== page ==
Frank Darabont and The Walking Dead
Robin (The TV Critic) is writing in Bold Italics.
A while ago on "The Walking Dead" podcast listener Rob H offered to summarise the information we have on why Frank Darabont left the show. Rob's finally had the time to put something together for us and it not only sheds light on Darabont's departure but also on the potential reasons for Glenn Mazzara's firing. More comments from me afterwards but here's Rob:
The Walking Dead (TWD) was conceived as the zombie apocalypse story that never ends. Like all good zombie movies, the zombies are just the background for the story of the characters to be told and the creator Robert Kirkman has often said he was more interested in what happened after the credits rolled in zombie movies than what preceeded them.
The Walking Deads journey to the small screen began when Frank Darabont read the first trade paperback (TPB) and bought the rights to the comic from Kirkman in 2005. Darabont then pitched it to HBO and NBC with Thomas Jane playing the role of Rick Grimes but neither were interested and the pilot, written by Darabont, sat on a shelf gathering dust. Gale Anne Hurd then read the first TPB, loved it, and, like Darabont, envisioned the story as perfect for television. Hurd then pitched it to AMC in 2009 who immediately said yes and the project was greenlit in August of the same year. AMC were so impressed with Darabont's pilot that he was installed as showrunner and 6 episodes were ordered in March 2010 to test the audiences appetite for a zombie show on tv.
As pre production began, Darabont called in a lot of favours from friends on the movie side of the business and had them working for far less than they would normally command as this was to be Darabonts dream project. Darabont also brought some of his regulars and people he had worked with before to the cast in Laurie Holden (Andrea), Jeffrey DeMunn (Dale), Juan Gabriel Pareja (Morales) and Melissa McBride (Carol). The rest of the parts went to the normal casting process. Jon Bernthal (Shane) was cast first then Sarah Wayne Callies (Lori). Andrew Lincoln was called to audition for the part of Rick after sending in a tape he made a few days after his wife had given birth to their baby. He's always attributed his success in getting the part of Rick as being exhausted through lack of sleep due to the newborn.
Shooting the pilot began on May 15th 2010 in Atlanta with the remaining episodes starting filming on June 2nd. Darabont revealed on August 31 that the show had been picked up for a 2nd season already before it had even aired. This, for me, was the beginning of Darabonts problems with the network as AMC contacted news sources to "dispel the rumour that TWD has been renewed". Its worth noting that TWD wasn't officially picked up for a 2nd season until November 8th after opening to record viewing figures for AMC.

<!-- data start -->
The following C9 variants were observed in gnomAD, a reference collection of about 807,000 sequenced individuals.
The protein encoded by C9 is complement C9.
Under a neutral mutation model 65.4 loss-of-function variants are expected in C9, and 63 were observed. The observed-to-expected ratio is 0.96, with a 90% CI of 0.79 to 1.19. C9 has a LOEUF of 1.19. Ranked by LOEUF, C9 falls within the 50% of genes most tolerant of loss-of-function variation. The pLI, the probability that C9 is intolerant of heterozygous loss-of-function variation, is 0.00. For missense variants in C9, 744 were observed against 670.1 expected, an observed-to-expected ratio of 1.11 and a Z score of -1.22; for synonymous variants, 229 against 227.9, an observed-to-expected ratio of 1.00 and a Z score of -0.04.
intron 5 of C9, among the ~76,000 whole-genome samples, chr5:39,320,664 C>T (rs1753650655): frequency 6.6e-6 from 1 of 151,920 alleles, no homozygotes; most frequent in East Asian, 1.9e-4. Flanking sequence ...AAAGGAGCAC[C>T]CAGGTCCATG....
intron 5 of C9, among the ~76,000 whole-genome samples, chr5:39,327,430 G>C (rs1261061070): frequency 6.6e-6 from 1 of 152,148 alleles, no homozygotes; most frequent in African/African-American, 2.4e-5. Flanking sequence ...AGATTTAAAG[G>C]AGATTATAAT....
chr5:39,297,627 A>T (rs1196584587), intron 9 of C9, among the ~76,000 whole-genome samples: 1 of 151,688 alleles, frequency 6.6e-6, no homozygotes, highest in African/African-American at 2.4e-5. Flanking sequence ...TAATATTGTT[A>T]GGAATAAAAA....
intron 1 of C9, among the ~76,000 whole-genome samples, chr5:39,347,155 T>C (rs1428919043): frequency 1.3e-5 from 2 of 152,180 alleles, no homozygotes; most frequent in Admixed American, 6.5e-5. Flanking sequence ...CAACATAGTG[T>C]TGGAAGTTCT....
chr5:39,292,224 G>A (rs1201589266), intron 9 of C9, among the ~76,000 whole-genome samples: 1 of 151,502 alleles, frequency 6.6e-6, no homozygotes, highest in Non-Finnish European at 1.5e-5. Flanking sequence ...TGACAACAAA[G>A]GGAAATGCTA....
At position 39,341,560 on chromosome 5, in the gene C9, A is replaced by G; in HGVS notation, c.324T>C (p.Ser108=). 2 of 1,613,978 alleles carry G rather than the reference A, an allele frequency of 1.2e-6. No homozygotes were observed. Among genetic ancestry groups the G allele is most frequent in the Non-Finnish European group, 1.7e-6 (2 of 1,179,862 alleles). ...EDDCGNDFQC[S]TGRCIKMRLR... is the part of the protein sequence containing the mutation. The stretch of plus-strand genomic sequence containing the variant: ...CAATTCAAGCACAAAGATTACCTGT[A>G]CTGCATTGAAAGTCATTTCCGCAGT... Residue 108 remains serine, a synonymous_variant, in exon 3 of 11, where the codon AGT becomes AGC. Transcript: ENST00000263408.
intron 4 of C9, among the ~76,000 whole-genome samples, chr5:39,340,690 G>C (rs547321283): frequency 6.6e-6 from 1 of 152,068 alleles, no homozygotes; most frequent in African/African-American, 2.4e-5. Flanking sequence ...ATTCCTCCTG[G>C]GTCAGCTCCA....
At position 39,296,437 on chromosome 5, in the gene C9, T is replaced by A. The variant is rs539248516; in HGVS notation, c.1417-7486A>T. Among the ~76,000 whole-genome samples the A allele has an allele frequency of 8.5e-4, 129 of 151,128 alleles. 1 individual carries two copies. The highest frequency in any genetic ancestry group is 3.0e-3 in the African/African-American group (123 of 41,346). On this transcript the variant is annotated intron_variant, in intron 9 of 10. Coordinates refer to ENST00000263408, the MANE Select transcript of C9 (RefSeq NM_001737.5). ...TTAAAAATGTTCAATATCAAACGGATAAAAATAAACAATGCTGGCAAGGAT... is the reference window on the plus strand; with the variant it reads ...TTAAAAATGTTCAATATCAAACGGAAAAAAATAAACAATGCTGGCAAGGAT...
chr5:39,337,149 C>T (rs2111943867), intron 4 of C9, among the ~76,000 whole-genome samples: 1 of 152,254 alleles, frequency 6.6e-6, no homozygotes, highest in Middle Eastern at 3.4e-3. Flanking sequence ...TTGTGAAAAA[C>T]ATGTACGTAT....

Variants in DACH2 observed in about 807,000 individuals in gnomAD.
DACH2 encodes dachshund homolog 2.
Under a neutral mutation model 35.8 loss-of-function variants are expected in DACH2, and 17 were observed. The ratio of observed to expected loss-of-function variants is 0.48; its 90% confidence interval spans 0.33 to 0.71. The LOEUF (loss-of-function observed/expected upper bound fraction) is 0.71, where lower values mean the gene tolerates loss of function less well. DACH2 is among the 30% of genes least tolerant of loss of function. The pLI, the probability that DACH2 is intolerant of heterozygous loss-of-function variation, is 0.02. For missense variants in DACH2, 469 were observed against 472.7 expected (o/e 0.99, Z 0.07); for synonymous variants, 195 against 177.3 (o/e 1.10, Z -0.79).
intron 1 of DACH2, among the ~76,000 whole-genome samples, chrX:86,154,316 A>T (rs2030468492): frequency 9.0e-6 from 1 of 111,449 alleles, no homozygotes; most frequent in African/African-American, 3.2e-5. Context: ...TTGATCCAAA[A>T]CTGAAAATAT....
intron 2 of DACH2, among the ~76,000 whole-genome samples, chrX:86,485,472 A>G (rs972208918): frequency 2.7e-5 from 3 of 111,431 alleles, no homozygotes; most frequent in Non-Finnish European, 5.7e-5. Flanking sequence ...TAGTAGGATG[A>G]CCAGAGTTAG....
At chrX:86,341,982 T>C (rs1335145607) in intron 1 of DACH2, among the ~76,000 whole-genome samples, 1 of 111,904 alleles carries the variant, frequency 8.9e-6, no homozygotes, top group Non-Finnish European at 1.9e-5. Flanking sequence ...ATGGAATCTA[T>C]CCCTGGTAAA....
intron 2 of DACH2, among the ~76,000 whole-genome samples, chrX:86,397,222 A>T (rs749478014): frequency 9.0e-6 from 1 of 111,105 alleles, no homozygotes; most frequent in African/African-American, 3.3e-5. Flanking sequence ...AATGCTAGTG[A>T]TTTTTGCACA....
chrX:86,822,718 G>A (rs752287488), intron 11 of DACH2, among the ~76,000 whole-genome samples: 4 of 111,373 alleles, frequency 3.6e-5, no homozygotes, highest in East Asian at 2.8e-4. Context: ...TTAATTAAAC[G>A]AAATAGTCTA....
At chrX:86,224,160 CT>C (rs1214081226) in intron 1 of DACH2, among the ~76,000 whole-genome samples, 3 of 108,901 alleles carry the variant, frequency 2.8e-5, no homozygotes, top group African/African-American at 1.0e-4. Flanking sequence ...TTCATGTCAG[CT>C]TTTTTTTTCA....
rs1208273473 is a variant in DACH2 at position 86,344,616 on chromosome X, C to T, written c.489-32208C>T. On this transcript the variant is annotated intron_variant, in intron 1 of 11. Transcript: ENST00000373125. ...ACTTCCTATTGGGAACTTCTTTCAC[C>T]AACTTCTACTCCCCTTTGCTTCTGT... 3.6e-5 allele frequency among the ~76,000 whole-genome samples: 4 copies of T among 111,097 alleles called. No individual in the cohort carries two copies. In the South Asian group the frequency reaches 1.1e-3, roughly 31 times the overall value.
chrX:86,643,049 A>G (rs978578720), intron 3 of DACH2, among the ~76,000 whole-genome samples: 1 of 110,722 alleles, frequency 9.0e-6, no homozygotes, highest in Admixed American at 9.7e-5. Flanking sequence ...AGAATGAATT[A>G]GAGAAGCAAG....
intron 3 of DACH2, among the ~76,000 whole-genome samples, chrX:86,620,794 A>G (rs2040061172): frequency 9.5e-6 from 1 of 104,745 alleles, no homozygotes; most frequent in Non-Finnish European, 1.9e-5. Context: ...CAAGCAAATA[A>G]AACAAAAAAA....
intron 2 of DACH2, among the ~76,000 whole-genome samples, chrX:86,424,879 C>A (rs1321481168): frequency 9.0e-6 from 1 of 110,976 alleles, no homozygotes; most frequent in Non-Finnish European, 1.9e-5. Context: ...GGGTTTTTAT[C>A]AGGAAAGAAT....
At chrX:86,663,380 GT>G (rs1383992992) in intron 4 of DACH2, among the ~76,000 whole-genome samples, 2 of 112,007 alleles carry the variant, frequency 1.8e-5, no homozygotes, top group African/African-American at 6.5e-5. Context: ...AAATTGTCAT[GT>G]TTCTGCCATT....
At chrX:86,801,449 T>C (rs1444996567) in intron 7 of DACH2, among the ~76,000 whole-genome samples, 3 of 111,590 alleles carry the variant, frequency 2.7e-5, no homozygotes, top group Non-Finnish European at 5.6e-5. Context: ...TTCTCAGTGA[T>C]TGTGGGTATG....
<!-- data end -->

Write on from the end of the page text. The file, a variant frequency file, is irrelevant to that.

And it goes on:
The first seasons writers room consisted of Darabont, Jack LoGiudice, Chic Eglee, Kirkman and Adam Fierro with Glen Mazzara writing an episode on a freelance basis as he was tied up acting as showrunner on another show after the original creator had been fired . Darabont had also met most of the team when he worked on an episode of The Shield.
The original plan, revealed by Darabont himself, was that he would run the series for the first season and make sure everything was in place for a consistent and successful show. He would then hand the show over to Chic Eglee at the end of the season and return to the movie side of the business. On December 1st rumours started to appear in the press that Darabont had fired all of the writing staff. This was quickly denied and explained that Darabont had decided to stay on as showrunner and as a result Chic Eglee would be leaving to run his own show with the other writers leaving to work on other projects. It has since been revealed that Darabont was so unhappy with the drafts submitted by the other writers that he ended up rewriting all of them except Kirkman's and most of Mazzara's. This was virtually confirmed on the Special Edition DVD/Blu ray of the first season when Noah Emmerich who played Dr Jenner said that the script he said yes to on the Friday before shooting started was not the same script he received on the Monday when he arrived on set. Director Ernest Dickerson also talks about how his episode (Ep 5 - Wildfire) originally opened with a flashback showing scientists at the CDC watching the outbreak unfold on TV monitors.